|Publication number||US4259094 A|
|Application number||US 06/032,690|
|Publication date||Mar 31, 1981|
|Filing date||Apr 23, 1979|
|Priority date||May 2, 1978|
|Also published as||CA1121741A, CA1121741A1, DE2917750A1, DE2917750C2|
|Publication number||032690, 06032690, US 4259094 A, US 4259094A, US-A-4259094, US4259094 A, US4259094A|
|Inventors||Hiroshi Nagai, Tsuneo Okamoto|
|Original Assignee||Kureha Kagaku Kogyo Kabushiki Kaisha|
|Export Citation||BiBTeX, EndNote, RefMan|
|Patent Citations (9), Referenced by (29), Classifications (5)|
|External Links: USPTO, USPTO Assignment, Espacenet|
This invention relates to an apparatus in which cleaned is a waste gas emanating such as from a plant and containing considerable amounts of solvent and water and, at the same time, the solvent is recovered from the waste gas in a state containing substantially no water.
Japanese Patent Laid-Open Publication No. 14580/1977 discloses an apparatus for the continuous recovery of a solvent from such waste gas by use of an activated carbon.
This published apparatus comprises a waste gas adsorption unit for causing an organic or inorganic solvent contained in the waste gas such as from a plant to be adsorbed on a solid adsorbent such as an activated carbon, a regeneration gas adsorption unit for causing the residual solvent present in the regeneration gas emanating from a below-mentioned activated carbon-regeneration unit to be adsorbed on the activated carbon and forwarding the spent activated carbon to the activated carbon-regeneration unit, and the activated carbon regeneration-unit for regenerating the spent adsorbent by using a non-condensable gas and, at the same time, recovering the solvent.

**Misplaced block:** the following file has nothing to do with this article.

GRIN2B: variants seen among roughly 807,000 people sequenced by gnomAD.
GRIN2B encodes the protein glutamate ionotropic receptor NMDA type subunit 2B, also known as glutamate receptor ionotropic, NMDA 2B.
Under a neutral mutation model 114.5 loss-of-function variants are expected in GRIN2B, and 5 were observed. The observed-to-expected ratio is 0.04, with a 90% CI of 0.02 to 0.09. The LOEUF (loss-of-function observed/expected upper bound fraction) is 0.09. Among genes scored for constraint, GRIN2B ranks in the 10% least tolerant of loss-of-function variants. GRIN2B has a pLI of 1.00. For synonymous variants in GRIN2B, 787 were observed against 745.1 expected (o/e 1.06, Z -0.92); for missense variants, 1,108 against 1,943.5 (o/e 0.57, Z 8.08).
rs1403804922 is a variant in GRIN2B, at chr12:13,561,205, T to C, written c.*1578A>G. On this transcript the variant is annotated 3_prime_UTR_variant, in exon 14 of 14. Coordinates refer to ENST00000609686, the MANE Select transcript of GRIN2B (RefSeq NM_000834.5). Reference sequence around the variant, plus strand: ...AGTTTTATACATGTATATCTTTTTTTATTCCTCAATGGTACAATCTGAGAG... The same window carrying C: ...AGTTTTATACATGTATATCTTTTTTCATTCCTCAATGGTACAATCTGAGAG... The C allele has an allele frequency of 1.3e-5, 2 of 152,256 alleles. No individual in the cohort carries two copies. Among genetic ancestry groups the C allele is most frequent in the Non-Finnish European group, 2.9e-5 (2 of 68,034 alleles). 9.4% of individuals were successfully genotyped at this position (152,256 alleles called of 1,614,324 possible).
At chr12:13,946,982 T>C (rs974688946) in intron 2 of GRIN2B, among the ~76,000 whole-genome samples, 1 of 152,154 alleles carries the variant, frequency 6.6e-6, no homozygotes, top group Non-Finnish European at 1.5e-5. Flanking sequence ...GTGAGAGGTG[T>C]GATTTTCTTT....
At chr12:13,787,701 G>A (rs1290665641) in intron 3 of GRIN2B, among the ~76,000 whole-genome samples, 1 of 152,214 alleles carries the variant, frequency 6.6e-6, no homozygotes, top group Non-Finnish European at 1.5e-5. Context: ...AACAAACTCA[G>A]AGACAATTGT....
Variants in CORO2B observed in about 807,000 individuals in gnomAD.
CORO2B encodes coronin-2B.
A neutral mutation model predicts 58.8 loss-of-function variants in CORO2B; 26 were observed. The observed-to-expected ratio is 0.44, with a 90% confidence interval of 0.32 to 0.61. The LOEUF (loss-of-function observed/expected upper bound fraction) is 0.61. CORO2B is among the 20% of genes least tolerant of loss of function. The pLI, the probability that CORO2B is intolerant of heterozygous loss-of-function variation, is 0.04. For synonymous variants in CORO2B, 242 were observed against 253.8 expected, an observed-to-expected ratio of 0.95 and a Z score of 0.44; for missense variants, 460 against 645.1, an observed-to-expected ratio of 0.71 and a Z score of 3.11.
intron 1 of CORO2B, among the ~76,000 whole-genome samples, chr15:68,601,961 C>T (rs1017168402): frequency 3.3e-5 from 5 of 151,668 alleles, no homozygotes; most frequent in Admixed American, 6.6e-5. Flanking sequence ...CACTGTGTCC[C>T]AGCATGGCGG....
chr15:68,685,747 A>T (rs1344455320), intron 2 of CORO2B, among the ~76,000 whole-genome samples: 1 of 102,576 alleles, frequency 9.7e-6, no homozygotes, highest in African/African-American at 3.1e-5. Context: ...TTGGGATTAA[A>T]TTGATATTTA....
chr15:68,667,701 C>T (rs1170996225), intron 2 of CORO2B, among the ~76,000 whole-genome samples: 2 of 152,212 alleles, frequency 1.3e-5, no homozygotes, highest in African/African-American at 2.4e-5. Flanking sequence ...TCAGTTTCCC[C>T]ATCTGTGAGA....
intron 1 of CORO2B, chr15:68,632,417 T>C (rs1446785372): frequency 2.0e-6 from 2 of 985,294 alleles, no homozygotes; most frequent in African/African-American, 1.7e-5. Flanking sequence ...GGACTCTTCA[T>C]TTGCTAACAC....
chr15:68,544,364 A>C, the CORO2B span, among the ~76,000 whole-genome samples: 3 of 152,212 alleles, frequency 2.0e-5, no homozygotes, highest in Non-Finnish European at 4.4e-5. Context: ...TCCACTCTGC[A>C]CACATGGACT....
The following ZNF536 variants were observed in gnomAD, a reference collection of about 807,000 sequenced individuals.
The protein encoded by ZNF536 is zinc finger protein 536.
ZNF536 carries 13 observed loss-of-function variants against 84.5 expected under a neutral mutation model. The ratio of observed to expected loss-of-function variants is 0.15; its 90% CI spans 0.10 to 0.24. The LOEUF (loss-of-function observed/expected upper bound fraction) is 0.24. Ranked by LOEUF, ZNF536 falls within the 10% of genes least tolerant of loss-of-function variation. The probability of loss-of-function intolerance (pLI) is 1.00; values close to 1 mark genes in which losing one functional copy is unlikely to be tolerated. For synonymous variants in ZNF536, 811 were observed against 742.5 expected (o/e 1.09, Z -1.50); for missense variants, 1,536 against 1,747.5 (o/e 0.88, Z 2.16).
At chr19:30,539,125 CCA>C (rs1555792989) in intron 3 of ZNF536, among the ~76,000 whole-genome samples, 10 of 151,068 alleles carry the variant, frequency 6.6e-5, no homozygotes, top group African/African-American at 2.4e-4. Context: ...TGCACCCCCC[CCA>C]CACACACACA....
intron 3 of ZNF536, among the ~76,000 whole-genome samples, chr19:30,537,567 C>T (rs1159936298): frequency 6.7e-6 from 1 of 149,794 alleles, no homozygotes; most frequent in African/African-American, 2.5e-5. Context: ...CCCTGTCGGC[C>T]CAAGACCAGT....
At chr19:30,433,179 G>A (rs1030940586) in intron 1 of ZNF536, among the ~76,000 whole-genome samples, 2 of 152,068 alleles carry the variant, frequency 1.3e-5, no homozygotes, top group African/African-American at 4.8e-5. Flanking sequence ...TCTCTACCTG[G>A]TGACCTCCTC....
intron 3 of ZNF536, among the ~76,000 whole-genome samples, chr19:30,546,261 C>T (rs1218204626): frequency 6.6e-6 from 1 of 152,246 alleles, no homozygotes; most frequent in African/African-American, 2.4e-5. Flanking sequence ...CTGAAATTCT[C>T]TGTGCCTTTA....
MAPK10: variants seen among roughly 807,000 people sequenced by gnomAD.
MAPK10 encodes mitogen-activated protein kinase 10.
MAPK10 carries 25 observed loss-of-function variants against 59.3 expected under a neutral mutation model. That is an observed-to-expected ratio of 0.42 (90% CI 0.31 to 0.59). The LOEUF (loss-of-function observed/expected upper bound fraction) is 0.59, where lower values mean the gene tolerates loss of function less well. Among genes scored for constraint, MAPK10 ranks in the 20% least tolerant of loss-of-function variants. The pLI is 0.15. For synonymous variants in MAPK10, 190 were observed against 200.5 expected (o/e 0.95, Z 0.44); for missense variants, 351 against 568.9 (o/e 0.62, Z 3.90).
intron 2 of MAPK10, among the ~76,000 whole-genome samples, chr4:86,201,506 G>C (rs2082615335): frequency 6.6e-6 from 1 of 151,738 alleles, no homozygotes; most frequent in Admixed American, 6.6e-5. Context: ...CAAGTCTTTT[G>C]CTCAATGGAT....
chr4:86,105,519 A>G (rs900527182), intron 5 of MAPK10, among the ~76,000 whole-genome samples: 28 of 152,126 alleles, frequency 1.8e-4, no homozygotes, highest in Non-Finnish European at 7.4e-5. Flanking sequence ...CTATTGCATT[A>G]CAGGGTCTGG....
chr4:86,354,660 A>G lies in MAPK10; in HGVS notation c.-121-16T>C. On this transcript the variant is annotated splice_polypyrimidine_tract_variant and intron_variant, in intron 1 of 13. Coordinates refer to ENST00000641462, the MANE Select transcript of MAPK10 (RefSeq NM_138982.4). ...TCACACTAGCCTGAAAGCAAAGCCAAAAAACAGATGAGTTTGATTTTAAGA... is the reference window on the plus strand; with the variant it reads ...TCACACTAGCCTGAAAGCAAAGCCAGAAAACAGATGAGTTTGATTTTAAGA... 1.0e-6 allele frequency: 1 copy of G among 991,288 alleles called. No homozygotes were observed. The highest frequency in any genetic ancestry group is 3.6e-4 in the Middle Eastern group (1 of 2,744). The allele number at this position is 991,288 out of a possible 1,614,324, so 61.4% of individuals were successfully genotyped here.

The apparatus provides highly efficient cleansing of the waste gas and permits very easy recovery of the solvent from the waste gas. It, nevertheless, has the disadvantage that the water present in the waste gas is directly entrained in the recovered solvent because the water and the solvent contained in the waste gas are adsorbed at the same time in the waste gas adsorption unit.
When this apparatus is to be used for recovering a solvent of high hydrophilicity such as an alcohol, for example, the recovered alcohol commonly contains more than 10% of water. Even in the recovery of an ester or ketone which has poor compatibility with water, it is difficult for this apparatus to repress the water content of the recovered solvent constantly below 1%.
In the above-mentioned particular apparatus, in order to repress successfully the water content of the recovered solvent, an incorporation of a supplementary device such as for preparatory adjustment of the moisture content in the waste gas or for dehydration of the recovered solvent is indispensable. Such incorporation inevitably entails an increase in the cost and complexity of operation.
The present invention aims to provide a novel apparatus which is capable of not merely cleansing a waste gas but also recovering from the waste gas a solvent having a very low water content without involving any complicate operation.